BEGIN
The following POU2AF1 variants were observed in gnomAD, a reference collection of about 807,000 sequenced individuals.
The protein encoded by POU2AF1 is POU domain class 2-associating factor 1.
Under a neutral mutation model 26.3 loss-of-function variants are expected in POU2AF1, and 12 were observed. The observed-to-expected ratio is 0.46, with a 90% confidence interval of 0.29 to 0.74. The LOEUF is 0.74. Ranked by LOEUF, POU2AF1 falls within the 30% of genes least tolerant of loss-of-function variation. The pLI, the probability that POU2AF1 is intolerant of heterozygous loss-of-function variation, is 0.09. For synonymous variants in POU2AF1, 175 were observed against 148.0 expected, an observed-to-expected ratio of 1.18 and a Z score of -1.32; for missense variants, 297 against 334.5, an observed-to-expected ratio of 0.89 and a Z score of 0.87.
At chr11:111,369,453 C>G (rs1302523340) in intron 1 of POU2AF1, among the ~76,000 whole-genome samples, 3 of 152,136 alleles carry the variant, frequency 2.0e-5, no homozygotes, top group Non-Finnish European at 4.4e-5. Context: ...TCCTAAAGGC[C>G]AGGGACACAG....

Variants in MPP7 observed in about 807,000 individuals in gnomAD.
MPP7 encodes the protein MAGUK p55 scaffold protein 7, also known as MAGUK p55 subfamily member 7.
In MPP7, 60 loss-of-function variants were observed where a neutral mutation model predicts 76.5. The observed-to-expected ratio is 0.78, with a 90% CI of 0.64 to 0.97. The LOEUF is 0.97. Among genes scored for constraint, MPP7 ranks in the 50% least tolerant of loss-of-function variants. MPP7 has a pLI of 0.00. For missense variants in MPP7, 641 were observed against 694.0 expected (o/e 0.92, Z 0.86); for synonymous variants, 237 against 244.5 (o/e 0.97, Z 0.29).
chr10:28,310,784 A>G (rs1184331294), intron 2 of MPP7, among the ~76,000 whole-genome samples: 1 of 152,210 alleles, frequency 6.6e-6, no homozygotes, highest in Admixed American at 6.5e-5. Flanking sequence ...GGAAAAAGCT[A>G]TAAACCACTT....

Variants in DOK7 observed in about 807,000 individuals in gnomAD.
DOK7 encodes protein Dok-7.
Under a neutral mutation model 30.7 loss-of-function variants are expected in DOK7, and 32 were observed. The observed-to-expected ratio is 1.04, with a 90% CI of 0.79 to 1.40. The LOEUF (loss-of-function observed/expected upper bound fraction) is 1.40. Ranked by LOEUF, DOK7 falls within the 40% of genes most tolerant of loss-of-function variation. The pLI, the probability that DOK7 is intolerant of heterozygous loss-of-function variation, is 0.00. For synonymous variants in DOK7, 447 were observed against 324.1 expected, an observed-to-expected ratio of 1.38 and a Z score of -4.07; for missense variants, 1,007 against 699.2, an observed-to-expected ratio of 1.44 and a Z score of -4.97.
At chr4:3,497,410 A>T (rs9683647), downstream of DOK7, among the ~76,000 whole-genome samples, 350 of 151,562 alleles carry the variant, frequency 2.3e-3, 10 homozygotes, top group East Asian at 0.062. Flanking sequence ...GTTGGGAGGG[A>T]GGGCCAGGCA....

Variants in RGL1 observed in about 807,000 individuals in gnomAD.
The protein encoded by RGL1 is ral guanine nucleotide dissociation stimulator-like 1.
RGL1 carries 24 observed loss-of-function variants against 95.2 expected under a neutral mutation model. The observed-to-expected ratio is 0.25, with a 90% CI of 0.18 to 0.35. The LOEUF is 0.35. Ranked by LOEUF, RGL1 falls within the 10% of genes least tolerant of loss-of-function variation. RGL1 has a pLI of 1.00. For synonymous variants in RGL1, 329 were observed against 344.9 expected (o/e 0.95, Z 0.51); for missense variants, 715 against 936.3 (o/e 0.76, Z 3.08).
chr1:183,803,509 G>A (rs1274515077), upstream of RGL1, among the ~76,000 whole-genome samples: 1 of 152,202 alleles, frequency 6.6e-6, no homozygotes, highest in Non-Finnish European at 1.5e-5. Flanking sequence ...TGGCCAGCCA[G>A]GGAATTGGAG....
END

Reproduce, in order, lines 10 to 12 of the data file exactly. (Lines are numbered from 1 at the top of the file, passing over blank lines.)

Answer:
DOK7 encodes protein Dok-7.
Under a neutral mutation model 30.7 loss-of-function variants are expected in DOK7, and 32 were observed. The observed-to-expected ratio is 1.04, with a 90% CI of 0.79 to 1.40. The LOEUF (loss-of-function observed/expected upper bound fraction) is 1.40. Ranked by LOEUF, DOK7 falls within the 40% of genes most tolerant of loss-of-function variation. The pLI, the probability that DOK7 is intolerant of heterozygous loss-of-function variation, is 0.00. For synonymous variants in DOK7, 447 were observed against 324.1 expected, an observed-to-expected ratio of 1.38 and a Z score of -4.07; for missense variants, 1,007 against 699.2, an observed-to-expected ratio of 1.44 and a Z score of -4.97.
At chr4:3,497,410 A>T (rs9683647), downstream of DOK7, among the ~76,000 whole-genome samples, 350 of 151,562 alleles carry the variant, frequency 2.3e-3, 10 homozygotes, top group East Asian at 0.062. Flanking sequence ...GTTGGGAGGG[A>T]GGGCCAGGCA....